“Our so-Called Obliging Neighbours”. Russian-Finnish Cross-Border Co-Operation in the Crosshairs of Anti-Western Alarmist Rhetoric

Thursday, July 13, 2017
Gilbert Scott Building - Room 134 (University of Glasgow)
Ilya Solomeshch , Department of World History, Political Science and International Relations, Petrozavodsk State University
For more than a quarter of a century, both in research and in political discourse, Russian-Finnish relations, especially the rapidly growing co-operation between their adjacent regions, was interpreted as a remarkable case of best practices and as an icon of debordering Europe. This was also vastly supported by references to history, emphasising ingrained preconditions for good neighbourhood and positive patterns of co-operation and thereby generating a coherent, positively hued discourse of growing, sustainable and multifaceted cross-border interaction, culminating in the establishing of the EUregio Karelia. Any criticism regarding the issue remained beyond the scope of the mainstream master discourse.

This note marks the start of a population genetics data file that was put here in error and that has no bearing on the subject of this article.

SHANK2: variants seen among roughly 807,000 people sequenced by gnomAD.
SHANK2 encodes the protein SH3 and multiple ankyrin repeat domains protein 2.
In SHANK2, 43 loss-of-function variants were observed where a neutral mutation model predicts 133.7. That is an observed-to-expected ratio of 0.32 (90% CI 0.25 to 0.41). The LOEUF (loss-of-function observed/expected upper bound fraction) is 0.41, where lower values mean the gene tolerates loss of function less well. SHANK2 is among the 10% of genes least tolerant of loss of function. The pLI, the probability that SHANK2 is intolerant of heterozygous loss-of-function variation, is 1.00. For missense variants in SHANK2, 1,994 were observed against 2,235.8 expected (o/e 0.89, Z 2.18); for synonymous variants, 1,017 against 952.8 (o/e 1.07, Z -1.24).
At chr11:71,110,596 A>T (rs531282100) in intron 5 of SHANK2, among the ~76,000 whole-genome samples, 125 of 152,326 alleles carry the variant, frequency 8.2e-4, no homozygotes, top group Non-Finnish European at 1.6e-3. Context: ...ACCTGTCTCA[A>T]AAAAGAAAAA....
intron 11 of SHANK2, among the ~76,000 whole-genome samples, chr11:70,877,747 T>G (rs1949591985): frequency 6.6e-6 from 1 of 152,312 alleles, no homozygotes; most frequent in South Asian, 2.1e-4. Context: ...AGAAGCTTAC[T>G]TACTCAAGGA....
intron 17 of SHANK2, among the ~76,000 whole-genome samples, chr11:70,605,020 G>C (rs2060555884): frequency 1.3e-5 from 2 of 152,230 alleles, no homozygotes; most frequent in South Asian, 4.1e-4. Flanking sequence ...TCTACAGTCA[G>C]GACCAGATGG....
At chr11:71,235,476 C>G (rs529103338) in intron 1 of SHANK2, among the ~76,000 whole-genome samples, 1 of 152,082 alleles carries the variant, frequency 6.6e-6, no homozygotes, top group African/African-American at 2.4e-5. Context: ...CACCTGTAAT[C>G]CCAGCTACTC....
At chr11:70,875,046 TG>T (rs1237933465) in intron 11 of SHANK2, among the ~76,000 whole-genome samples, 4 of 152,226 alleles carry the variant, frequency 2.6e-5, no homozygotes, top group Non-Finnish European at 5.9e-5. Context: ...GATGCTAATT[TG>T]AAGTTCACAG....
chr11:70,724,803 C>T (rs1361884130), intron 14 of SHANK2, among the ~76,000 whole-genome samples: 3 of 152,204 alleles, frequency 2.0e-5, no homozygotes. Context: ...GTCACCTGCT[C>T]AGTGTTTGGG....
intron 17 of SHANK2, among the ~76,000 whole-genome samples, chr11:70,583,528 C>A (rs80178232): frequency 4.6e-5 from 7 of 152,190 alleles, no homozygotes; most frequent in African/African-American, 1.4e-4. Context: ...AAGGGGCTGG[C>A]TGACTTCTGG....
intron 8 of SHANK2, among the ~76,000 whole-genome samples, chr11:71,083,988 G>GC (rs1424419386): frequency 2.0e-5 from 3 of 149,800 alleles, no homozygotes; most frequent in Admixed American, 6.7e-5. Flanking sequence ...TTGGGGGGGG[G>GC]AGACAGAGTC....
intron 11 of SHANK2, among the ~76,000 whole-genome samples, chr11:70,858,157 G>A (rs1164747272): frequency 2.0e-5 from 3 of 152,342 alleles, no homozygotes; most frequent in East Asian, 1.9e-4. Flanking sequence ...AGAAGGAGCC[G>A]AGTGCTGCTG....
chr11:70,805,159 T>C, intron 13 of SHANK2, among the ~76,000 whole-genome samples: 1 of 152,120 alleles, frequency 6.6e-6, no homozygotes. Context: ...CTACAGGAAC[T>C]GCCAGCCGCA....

Currently, discrepant signals reflecting restrained or negative approaches are becoming increasingly visible. However, the most self-explanatory interpretation referring to dramatic changes in Russian relations with the West does not give a comprehensive clarification of this shift. Therefore, focusing on the North-Western Russia, especially on Karelia, the paper seeks to (a) recognise long lines in the interpretative paradigms of the history of the border and co-operation between Russia and Finland; (b) discuss the variety of symbolic meanings of the Border in the fluctuating political landscape; (c) ascertain, whether the phenomenon of an alarmist “outpost syndrome” is the matter of an empty/floating signifier and spontaneously used figures of speech, or it echoes the rooted way of looking at the Neighbour. Finally, the paper addresses to parallel developments in Barents Euro-Arctic region, where history is also used both to support and to question the very sustainability of the cross-border cooperation.